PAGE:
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Source: BusinessWire

Ranked as one of the top ten environmentally conscious companies in the United States, Hershey has done more than just follow environmental trends.

The company has set standards that are now being adopted by competitors like Mars. Hershey goes a step further by repurposing corporate products for their charity efforts.

They’ve also used their blog to share news of new innovations that could impact the planet, such as a recent story about product packaging that’s actually edible.

Johnson & Johnson

The brand behind Band-Aid and a line of well-known baby products, Johnson & Johnson has created its own Environment, Health, Safety, and Sustainability Department to fine-tune internal practices.

They’ve implemented an on-the-job training program to make sure everyone at their company is on the same page with core values and key issues.

Johnson & Johnson has set sustainability goals that include increasing product recycling to reduce carbon emissions by 20 percent by 2020.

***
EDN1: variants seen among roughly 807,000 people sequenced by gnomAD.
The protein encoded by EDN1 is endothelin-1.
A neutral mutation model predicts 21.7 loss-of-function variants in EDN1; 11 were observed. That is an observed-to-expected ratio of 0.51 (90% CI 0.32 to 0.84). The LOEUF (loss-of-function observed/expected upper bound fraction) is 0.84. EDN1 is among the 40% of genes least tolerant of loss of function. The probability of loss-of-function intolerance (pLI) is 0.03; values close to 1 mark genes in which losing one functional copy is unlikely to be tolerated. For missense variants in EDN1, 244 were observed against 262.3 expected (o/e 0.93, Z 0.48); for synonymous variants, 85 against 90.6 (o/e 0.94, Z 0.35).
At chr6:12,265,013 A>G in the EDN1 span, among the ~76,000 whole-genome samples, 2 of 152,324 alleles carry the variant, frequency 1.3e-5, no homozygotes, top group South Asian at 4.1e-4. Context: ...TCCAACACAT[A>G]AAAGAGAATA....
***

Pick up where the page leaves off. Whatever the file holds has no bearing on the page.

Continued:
Customers can follow the brand’s progress toward these goals through the company’s online content.

One J&J in Shanghai, China, a 22-Floor Office Tower That's Home to Nine Johnson & Johnson Family Companies
This LEED platinum site houses in Shanghai houses 9 different Johnson and Johnson companies. 

The company has also earned a slew of honors and recognition for their efforts.

All of Johnson & Johnson’s positive press has resulted in a steady flow of content that has helped to solidify their current brand image.

An example of the smart use of content for green marketing is the J&J blog, which is peppered with personal stories and articles on environmental sustainability.